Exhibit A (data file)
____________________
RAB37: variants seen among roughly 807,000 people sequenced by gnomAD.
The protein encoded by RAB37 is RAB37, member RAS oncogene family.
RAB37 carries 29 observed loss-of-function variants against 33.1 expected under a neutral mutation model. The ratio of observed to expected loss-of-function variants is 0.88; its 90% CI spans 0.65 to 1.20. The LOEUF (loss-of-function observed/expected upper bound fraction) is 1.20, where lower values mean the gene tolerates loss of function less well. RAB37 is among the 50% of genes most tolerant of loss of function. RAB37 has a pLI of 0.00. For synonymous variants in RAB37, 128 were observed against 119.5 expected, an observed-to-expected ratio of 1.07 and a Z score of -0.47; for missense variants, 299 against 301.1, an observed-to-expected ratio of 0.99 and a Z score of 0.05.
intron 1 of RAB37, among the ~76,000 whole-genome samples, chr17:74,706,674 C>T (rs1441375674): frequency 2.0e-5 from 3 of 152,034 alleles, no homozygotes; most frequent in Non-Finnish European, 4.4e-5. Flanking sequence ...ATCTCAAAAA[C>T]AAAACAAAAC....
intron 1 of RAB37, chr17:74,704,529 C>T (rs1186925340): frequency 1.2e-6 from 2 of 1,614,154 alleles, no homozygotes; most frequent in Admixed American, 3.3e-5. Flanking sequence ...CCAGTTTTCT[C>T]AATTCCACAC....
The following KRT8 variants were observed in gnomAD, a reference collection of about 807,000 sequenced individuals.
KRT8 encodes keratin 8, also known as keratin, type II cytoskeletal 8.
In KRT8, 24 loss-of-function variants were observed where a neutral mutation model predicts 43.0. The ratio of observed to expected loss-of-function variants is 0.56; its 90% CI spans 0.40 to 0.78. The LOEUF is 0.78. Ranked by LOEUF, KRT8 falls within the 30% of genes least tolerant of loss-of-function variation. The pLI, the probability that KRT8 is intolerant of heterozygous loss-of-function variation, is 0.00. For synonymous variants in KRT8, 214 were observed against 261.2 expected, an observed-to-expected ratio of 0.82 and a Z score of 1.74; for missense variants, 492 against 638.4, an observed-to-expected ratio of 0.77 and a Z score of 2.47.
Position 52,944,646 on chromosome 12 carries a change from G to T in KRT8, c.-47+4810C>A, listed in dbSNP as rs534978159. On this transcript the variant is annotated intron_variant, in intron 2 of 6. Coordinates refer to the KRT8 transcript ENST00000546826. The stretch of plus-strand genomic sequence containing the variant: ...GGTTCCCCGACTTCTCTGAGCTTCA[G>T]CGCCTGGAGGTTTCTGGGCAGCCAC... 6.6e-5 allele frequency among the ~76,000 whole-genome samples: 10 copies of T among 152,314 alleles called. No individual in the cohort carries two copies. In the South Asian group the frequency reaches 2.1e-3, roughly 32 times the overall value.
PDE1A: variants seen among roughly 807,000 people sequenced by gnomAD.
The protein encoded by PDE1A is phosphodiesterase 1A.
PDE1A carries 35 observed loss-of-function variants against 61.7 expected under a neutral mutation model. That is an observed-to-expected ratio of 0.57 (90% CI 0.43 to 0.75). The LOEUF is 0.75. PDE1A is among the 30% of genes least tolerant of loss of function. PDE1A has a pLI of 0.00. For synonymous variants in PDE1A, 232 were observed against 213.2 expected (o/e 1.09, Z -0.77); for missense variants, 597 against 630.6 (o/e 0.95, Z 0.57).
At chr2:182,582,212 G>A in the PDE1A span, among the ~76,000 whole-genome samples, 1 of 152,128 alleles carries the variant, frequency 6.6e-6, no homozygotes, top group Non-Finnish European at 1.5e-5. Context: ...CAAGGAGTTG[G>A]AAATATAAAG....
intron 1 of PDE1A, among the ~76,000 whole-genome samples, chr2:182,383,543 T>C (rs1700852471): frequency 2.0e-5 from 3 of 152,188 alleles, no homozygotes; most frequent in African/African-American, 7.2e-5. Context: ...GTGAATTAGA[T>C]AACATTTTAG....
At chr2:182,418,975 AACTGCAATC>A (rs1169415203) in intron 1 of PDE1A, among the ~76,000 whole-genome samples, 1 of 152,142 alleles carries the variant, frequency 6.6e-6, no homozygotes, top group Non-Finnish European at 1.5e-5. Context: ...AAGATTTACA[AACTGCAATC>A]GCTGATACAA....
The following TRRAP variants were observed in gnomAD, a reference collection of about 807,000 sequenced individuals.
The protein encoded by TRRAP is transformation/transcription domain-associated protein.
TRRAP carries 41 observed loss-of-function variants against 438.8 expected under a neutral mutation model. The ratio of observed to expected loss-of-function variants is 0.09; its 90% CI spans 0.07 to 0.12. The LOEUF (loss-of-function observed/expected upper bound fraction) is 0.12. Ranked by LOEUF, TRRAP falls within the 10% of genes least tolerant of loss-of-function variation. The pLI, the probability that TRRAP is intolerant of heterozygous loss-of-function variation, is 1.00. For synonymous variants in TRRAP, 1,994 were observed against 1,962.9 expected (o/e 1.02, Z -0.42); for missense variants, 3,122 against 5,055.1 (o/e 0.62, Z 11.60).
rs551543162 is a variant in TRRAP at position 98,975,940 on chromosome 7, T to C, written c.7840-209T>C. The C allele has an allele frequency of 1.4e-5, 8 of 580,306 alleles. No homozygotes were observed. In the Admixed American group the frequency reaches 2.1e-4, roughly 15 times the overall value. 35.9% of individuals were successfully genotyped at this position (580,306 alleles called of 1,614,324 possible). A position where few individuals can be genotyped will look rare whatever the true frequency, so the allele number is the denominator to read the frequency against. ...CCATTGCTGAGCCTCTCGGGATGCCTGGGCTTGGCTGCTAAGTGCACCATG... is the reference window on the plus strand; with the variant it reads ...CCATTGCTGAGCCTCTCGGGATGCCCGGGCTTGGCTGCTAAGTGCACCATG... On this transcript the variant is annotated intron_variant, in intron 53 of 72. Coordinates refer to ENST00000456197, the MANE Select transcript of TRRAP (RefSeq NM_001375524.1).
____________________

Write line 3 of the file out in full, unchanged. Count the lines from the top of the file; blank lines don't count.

RAB37 carries 29 observed loss-of-function variants against 33.1 expected under a neutral mutation model. The ratio of observed to expected loss-of-function variants is 0.88; its 90% CI spans 0.65 to 1.20. The LOEUF (loss-of-function observed/expected upper bound fraction) is 1.20, where lower values mean the gene tolerates loss of function less well. RAB37 is among the 50% of genes most tolerant of loss of function. RAB37 has a pLI of 0.00. For synonymous variants in RAB37, 128 were observed against 119.5 expected, an observed-to-expected ratio of 1.07 and a Z score of -0.47; for missense variants, 299 against 301.1, an observed-to-expected ratio of 0.99 and a Z score of 0.05.